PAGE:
This is Anne Frank’s story, told through her diaries. It makes for tough reading, or more to the point tough viewing, in the current New Theatre production of the 1955 stage adaptation by Frances Goodrich and Albert Hackett.
Sam Thomas’ eloquent revival brings her painful and sad story to life. Tragically, Anne lived her last few years with her family in hiding, never knowing if, in the next moment, they will be discovered and transferred to a death camp.
WOLF LULLABY by Hillary Bell considers the themes of parental guilt and responsibility and the nature of evil in children.
In this powerful and emotional play there are no winners, just hard choices each with its own dire consequences.
The play opens in a small Tasmanian country town where nine year old Lizzie’s parents, Warren and Angela, are preparing Christmas celebrations. Lizzie is arrested for shoplifting, later a little child is murdered and suspicion falls on her. Continue reading Wolf Lullaby→
It’s the weekend. You are looking through the entertainment guide for something to do. You check out the theatre section. There’s not much that takes your fancy. And then you spot something. A company, the Impulse Theatre Company, is doing the Bard’s Romeo and Juliet but they’re giving it a contemporary setting, resetting it at the time of the Cronulla Race Riots that took place in December 2005. The show’s promo line,-‘Two households, both alike in dignity, in fair Cronulla’….It sounds interesting…Let’s do it!
Clever concepts don’t always convert. This is the case with this re-imagining of the Bard’s classic in the setting of the Cronulla riots. It may well have been a good pitch but it doesn’t make for a great fit.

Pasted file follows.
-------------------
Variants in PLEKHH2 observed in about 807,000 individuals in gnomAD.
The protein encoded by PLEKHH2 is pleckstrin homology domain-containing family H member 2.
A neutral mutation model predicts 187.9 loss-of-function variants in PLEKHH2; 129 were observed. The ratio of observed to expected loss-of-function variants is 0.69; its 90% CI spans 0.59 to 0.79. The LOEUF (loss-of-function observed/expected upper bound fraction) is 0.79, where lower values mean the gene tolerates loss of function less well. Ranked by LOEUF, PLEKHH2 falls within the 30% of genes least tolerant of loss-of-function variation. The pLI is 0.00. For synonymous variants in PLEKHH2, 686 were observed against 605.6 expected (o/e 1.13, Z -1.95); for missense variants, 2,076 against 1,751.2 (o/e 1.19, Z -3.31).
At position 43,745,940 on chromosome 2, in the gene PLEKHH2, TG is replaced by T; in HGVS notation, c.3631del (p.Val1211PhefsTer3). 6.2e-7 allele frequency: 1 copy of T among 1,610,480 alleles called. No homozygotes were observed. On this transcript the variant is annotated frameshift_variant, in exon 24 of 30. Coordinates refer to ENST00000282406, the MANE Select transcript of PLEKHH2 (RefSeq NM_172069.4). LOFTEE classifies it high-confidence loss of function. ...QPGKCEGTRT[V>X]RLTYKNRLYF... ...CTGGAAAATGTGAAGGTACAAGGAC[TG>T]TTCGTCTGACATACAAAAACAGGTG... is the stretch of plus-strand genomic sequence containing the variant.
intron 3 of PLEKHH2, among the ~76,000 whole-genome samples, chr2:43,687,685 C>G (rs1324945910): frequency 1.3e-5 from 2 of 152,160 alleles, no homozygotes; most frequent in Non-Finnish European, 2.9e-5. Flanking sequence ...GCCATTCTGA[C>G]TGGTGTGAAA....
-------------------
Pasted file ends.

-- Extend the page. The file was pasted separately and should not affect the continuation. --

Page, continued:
The Cronulla riots were the result of tension, over a long period of time, between local residents and people from a Middle Eastern background, mainly from the Western suburbs, who were coming into the area on weekends. The riots had nothing to do with warring families nor was the racial conflict the breeding ground of a romance for the ages….
Thankfully, Wallace only gives this angle to the narrative a very light brush! He starts strongly with the replaying of old video footage from the riots, and then the staging of the Cronulla beach scene where a local Aussie woman is sunbaking and being harassed by Lebanese guys however by play’s end titles flash across the back wall saying that we are now in Mantua. From Cronulla to Mantua in a flash….
All is not lost! Impulse’s production proves to still be worth catching, as the result of a very committed cast and some good really good performances, particularly from the supporting cast. Bryan Hajduczoh as Mercutio and Alex Bryan-Smith as Tybalt impress as the impulsive foes. Lisa Peers, the real-life mother of Rainee Lyleson who played Juliet, gave, for me, the performance of the night, playing Juliet’s Nurse as well as Lady Montague (quite indiscernible in this role). Alan Faulkner impressed in multiple roles as well as delivering Shakespeare’s wonderful prologue.
Impulse Theatre Company’s production of ROMEO AND JULIET opened at the King Street Theatre, corner King Street and Bray Street, Newtown on Wednesday 31 July and plays until Saturday 24 August, 2013.